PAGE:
Leader Blues

Monday, February 02, 2009

TOP STORY>>Schools have leaky roofs

Leader staff writer

Leaky roofs at Cato Elementary School and Northwood Middle School are slated for repairs, say officials at Pulaski County Special School District.

The district will ask for bids within four weeks and work should begin in the spring to replace the roof over the west addition at Cato. For now, temporary patches have stopped the leaks in the hall affecting a few classrooms in the back of the Cato school building, said Jerry Holder, a school facilities official for the district.

“A couple of classrooms, you had to have umbrellas, but James Warren (PCSSD facilities supervisor) has been very supportive and worked real hard to do anything he can,” said Danny Gilliland, PCSSD board member, Zone 5.

Gilliland lauded district officials for sending out crews to Cato after rains to dry and clean moldy carpets and to try to patch roof leaks.

“Whenever Cato called, they’d be out there immediately,” he said.

At Northwood, an internal gutter under the roof will be sealed to stop leaks into the library. Past repairs were effective for awhile, but rains are again creating mold, ruining books, and saturating the carpet in some parts of the library, according to parents and school personnel.

“Every time you get a hard rain, you lose books,” said Northwood principal Veronica Perkins. “Along the back wall, it is going to get very wet, and have water squishing under your feet.”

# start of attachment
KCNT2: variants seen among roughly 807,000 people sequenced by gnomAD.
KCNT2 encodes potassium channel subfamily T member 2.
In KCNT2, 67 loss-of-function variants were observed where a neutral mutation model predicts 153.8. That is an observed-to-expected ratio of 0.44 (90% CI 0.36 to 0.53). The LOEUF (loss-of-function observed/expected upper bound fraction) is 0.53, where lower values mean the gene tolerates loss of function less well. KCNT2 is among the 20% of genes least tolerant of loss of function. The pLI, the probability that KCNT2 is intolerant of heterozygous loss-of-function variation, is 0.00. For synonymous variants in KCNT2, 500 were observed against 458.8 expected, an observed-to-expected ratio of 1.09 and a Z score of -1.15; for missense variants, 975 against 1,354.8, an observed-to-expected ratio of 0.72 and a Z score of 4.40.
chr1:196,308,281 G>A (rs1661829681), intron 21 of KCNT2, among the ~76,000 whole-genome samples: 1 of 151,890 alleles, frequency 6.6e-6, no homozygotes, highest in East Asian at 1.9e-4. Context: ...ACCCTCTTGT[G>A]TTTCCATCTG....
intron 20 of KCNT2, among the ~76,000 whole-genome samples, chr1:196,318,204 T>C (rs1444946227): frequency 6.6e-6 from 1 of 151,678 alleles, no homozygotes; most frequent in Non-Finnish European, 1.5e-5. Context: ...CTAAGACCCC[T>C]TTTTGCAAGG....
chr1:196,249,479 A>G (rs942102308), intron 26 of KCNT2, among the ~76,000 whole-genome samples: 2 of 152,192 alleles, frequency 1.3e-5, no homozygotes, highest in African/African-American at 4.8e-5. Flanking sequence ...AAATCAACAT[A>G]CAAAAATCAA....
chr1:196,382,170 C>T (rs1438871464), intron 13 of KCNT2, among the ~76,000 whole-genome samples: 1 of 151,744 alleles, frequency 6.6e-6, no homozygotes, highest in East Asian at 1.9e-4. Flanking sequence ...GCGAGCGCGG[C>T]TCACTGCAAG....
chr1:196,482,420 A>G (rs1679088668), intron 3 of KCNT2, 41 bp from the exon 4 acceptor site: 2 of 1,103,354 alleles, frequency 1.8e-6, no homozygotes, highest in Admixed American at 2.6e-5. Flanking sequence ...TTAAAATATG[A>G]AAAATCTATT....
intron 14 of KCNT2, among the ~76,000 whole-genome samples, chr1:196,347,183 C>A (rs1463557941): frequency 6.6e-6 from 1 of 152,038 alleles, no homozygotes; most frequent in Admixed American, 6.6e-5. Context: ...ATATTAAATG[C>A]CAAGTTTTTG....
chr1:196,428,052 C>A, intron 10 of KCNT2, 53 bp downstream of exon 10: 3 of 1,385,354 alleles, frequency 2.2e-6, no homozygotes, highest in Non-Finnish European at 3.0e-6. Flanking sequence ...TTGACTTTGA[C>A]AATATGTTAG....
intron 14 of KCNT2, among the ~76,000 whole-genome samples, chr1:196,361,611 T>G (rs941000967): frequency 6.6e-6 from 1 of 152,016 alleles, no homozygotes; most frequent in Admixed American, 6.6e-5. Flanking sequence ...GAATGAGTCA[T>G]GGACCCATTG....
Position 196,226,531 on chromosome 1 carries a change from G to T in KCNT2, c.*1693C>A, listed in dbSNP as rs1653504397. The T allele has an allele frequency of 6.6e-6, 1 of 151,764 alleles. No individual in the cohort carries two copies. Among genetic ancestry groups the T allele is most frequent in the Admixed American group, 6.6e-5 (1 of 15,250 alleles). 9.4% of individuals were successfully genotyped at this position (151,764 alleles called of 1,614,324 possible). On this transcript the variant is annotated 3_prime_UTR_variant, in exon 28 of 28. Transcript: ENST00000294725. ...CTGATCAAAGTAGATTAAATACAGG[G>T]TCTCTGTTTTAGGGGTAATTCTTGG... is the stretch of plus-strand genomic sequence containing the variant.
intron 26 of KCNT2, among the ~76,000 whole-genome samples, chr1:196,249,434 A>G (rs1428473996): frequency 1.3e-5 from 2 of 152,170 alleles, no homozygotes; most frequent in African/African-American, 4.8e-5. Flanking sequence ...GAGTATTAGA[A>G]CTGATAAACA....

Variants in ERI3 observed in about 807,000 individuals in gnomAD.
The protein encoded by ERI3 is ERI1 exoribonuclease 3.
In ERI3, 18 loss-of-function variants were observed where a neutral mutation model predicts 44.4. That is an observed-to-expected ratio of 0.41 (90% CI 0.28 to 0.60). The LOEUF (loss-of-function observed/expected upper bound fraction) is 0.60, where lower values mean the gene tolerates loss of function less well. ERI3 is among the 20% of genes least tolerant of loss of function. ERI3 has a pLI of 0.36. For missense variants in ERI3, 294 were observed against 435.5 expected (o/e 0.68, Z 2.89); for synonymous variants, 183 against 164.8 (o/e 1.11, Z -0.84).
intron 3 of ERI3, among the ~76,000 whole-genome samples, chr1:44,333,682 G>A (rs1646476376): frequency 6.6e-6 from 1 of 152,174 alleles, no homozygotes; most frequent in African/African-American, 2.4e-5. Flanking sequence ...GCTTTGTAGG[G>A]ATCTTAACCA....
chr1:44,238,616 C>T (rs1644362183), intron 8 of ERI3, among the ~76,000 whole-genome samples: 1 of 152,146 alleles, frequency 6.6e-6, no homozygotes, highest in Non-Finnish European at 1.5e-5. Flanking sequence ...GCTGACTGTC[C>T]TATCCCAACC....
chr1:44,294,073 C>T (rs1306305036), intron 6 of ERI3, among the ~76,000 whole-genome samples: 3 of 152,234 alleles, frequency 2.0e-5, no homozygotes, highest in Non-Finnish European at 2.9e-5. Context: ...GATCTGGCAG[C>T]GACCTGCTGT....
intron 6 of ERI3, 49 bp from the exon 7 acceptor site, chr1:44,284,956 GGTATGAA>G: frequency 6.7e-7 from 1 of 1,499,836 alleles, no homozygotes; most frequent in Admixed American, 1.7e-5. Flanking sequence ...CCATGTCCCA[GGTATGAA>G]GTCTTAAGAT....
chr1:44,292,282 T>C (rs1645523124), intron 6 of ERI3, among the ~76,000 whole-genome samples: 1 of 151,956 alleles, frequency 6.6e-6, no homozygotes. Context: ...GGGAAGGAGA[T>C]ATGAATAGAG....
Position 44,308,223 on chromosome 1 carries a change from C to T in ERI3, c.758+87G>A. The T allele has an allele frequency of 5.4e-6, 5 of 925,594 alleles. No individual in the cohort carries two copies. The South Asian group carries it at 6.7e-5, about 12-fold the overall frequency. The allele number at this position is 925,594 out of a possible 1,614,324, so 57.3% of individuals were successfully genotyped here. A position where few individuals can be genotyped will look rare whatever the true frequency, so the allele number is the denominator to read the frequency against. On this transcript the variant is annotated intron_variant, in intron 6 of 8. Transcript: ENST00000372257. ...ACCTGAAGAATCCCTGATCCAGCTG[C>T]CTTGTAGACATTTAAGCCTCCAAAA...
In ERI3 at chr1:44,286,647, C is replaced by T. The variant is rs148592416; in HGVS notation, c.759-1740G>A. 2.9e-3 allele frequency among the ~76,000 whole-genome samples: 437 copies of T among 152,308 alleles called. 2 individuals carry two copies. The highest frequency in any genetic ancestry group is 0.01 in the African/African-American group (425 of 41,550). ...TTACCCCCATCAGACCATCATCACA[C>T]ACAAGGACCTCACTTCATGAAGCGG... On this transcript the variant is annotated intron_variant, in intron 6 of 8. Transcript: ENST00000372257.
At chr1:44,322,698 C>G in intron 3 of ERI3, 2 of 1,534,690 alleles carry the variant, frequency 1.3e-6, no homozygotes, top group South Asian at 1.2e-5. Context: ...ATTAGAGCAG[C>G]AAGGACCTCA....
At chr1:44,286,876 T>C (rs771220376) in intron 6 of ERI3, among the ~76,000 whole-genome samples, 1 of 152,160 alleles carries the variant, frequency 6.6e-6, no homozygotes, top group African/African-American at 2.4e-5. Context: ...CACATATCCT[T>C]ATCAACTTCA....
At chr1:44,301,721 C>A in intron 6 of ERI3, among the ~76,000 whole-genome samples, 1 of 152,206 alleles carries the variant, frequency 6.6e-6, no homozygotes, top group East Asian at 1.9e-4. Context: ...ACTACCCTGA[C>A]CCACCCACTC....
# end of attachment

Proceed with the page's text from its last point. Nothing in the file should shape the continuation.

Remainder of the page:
“There is a leak, and it has been put on our list of things to be done as soon as we get a break in the weather,” said Holder.

The roofs at both schools have been leak-prone because of their low pitch, which causes water to collect and seep through any opening.

The original building at Cato was built in three phases. The roof over the original section was replaced a few years ago. The roof over the third section does not leak, but to be prepared, the district is exploring costs for its replacement.

The new roof on the west addition will be a plastic membrane, “kind of like a swimming pool liner,” Holder said. It is guaranteed to last 15 years.

Northwood’s faulty roof has a long history of causing water to accumulate in light fixtures and ceiling panels to sag, some say. Now retired Northwood maintenance supervisor Mike Steele, worked at the school when it opened in 1980 until 2004. He recalls that the metal roof leaked wherever there is a change in pitch, seams, or cuts to insert a fan or vent.

“It has leaked from day one,” Steele said, adding that the district repeatedly sent maintenance crews to patch the roof. That would help some, but the problem has never gone away entirely.

“I believe it needs some professional help,” Steele said. “It is beyond the scope of what the maintenance crews can do.”

Warren said budget constraints make it impossible to fix everything at once at every facility in the district. According to one study by the state, he said, all the needed repairs would cost the district $300 million.

“That is a lot of repairs, and I don’t get but a very small amount of money each year to make repairs,” Warren said. “If we don’t pass the millage and get the correct amount of money to fix all the things that need to be fixed, we will continue to put Band-Aids on buildings.”

Leaky roofs are an ongoing issue for the district, Gilliland said. Even the new Chenal Elementary School has some roof leaks, he noted.

“That is a brand new school, and its roof leaks. I was just shocked. You’d be hard pressed to find one without leaks. They (the district) are always working on trying to get them done.”